tards and we need them. He is not just saying, they are our
Cold War allies. What Nixon is saying, which is captured on
the White House tapes, is that Yahya is a decent man, Yahya’s
an honorable man. So, he really has a kind of remarkable,
personal loyalty to Yahya throughout the crisis.
It starts out with a higher opinion of Yahya and then actually meeting with him in July 1971 in Islamabad, Kissinger
comes away from that convinced Yahya is actually a kind of
an idiot and tells Nixon that a couple of times, which Nixon
particularly doesn’t like.
Had Nixon had a better, more favorable opinion of Indira
Gandhi, would it have changed the course of things, this terri-
I think it would have made some difference. It is hard to
tell, exactly, how much.
On the one hand, you have the big structural factors of the
Cold War and India’s pro-Soviet politics that, I think, any
American President would have disliked. Dwight Eisenhower didn’t like India’s pro-Soviet leanings, John F Kennedy
didn’t like India’s pro-Soviet leanings... So, that is not unique
But Nixon has particularly bad blood with (Indira) Gandhi
and she with him. I mean she hates him too — there is no
question that this is mutual animosity.
So, it is very hard for them to communicate; there is not a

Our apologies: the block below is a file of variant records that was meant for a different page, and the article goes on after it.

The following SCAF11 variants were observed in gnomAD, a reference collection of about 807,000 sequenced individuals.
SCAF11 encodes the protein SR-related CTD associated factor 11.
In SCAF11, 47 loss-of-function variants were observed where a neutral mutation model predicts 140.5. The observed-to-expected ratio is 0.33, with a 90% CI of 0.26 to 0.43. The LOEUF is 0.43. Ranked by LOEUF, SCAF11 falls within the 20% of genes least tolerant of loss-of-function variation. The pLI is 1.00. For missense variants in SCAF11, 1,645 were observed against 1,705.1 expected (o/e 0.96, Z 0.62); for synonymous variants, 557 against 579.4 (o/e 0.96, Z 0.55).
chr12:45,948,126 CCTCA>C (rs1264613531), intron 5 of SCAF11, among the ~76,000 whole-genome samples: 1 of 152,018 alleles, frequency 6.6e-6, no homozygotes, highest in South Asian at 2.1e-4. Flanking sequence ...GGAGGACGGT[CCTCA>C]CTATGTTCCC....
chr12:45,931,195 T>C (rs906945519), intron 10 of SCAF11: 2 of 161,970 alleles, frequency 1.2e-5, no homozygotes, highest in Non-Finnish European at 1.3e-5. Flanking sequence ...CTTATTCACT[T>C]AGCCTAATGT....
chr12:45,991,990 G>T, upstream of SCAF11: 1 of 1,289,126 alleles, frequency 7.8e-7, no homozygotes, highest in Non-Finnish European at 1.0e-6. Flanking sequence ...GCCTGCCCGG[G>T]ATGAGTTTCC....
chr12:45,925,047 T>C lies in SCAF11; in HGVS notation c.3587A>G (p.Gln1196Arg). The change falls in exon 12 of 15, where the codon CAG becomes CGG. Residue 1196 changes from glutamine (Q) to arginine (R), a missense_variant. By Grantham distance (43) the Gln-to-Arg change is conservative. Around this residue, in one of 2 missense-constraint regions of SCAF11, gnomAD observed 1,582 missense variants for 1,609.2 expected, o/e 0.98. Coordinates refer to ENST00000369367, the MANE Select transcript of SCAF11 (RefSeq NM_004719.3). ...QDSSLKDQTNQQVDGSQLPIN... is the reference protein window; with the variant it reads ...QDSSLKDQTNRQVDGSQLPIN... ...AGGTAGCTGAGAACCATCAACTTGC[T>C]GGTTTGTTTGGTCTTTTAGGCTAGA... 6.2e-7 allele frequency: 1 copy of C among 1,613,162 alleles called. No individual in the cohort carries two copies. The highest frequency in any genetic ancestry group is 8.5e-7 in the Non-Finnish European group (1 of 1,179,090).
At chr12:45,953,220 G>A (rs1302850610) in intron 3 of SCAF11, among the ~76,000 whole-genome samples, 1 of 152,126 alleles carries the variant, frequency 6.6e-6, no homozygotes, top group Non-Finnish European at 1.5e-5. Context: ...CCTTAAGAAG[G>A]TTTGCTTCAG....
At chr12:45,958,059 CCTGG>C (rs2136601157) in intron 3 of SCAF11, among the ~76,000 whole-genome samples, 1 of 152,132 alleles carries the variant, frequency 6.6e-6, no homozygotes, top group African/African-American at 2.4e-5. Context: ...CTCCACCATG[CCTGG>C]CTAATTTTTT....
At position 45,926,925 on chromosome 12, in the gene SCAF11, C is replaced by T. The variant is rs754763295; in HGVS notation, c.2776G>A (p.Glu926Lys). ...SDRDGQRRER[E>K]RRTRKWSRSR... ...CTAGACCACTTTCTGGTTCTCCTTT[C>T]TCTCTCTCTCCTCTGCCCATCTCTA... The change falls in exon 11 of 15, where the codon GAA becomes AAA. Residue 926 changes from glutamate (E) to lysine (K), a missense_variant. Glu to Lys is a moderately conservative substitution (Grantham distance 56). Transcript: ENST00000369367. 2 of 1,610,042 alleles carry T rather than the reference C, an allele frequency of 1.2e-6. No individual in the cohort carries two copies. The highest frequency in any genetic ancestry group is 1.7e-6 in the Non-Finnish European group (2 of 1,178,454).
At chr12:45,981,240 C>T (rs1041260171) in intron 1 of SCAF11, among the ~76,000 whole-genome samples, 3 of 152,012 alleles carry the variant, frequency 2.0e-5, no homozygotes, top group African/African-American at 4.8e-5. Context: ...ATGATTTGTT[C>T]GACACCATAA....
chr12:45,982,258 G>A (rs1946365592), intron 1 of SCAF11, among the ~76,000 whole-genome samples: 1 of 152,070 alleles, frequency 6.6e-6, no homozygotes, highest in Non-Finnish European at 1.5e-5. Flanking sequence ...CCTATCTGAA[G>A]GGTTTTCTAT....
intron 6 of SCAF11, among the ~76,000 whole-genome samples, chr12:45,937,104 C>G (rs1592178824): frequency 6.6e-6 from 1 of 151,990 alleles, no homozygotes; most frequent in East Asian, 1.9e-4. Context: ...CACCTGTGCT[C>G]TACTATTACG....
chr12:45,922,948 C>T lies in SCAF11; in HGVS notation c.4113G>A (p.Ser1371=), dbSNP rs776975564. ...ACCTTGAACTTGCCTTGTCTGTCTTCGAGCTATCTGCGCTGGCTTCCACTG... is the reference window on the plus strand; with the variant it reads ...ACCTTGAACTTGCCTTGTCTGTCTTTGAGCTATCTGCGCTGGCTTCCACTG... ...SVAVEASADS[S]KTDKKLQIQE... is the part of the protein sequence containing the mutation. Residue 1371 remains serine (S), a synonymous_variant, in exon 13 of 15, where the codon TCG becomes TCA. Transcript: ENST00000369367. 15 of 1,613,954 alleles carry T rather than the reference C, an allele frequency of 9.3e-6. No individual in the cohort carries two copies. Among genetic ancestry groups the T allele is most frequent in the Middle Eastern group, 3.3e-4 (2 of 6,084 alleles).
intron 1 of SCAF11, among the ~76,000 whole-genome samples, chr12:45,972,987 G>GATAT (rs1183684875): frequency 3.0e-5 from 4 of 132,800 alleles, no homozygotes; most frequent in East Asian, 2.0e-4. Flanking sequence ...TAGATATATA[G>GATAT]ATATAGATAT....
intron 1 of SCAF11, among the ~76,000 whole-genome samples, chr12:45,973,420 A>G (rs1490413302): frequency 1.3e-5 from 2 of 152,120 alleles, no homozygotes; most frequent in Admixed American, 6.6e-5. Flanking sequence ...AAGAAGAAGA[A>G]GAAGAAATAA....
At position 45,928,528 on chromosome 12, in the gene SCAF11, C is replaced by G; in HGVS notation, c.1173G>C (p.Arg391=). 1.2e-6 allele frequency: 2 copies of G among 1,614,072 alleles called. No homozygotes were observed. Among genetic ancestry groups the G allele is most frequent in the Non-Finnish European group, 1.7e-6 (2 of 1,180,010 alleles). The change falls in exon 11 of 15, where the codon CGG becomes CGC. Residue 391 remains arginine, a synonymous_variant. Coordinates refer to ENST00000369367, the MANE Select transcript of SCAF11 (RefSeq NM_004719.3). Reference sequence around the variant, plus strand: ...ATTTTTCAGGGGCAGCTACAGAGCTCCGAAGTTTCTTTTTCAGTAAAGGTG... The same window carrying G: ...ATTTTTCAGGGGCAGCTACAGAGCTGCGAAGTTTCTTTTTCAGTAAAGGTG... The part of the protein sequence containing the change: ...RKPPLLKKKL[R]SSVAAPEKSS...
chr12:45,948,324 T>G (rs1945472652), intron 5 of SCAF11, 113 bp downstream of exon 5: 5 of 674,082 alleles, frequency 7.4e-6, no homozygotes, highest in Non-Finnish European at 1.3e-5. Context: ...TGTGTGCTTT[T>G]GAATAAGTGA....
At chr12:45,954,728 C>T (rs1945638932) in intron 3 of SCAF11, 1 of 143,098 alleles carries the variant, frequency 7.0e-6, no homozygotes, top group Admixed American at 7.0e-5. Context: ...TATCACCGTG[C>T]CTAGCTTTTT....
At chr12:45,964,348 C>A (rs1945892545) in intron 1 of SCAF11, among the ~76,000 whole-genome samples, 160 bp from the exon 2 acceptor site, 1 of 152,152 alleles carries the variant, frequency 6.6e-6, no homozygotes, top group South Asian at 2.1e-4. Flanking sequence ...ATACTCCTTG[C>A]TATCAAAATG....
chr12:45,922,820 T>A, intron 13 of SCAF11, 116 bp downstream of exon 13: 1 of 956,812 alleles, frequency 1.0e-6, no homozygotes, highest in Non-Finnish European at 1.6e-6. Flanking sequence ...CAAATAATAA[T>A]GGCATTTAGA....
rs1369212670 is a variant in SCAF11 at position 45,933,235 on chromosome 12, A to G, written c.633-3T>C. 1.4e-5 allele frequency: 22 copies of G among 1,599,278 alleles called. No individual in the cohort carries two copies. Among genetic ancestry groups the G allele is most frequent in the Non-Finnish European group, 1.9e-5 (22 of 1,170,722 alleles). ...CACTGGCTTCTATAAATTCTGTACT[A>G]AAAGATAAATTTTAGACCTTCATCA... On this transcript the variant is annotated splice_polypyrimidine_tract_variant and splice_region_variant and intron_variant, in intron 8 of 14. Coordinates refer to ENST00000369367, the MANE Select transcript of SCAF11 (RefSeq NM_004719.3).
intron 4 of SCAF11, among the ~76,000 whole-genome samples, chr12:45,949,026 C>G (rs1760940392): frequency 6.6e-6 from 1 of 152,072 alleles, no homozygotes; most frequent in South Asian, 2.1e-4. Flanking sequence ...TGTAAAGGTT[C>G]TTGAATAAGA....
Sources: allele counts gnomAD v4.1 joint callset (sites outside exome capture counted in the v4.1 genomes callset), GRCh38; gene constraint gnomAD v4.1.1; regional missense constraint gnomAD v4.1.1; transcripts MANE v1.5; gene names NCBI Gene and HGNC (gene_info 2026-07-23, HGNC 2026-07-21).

lot of trust between these two leaders at a time when it might
have been helpful.
If (Indira) Gandhi had been making appeals to Nixon and
he had been willing to listen, it might have helped. But she
would sometimes say things which the US government knew
were outright lies. She would say that India is not backing
the Bengali guerrillas operating inside of East Pakistan, who
were operating with massive secret support from the Indian
government. The US government knew that. It had a pretty
good sense of the scale on which India was backing this
So, when (Indira) Gandhi would tell the Americans, ‘We
have nothing to do with this,’ that would have undermined
her credibility, no matter who the president was. (Indira)
Gandhi would say time and time again, ‘No, no, no, we’re not
backing the rebels. We respect Pakistan’s sovereignty.’
You write that you requested Kissinger to be interviewed
and he refused...
I actually requested an interview with Kissinger four times.
He or his office ignored the first two (times). I never got an
Finally, I got an answer from him refusing; and, then after
that I sent a final appeal saying ‘Are you sure here are some
of the things that I am going to have to talk about in the book
and I’d love to have your perspective so that I can include it
in the book.’
I really do want to include the perspective of everyone who
is involved in the crisis. Certainly, I would have loved to have
heard from Kissinger so I could put that in the book.
Because he would not talk to me, I had to rely more on his
What kind of perspective were you looking for from
staff. There were two officials working on South Asia; one
was working on China. I spent a lot of time talking to them
to make sure that I was getting the White House perspective
to include that in the book. You know, just to be fair you want
to include everyone’s perspective.
Kissinger, if you had spoken to him, met him?
I wonder if he feels any sense of regret. I wonder if he still
When you were writing the book, Nixon was gone a long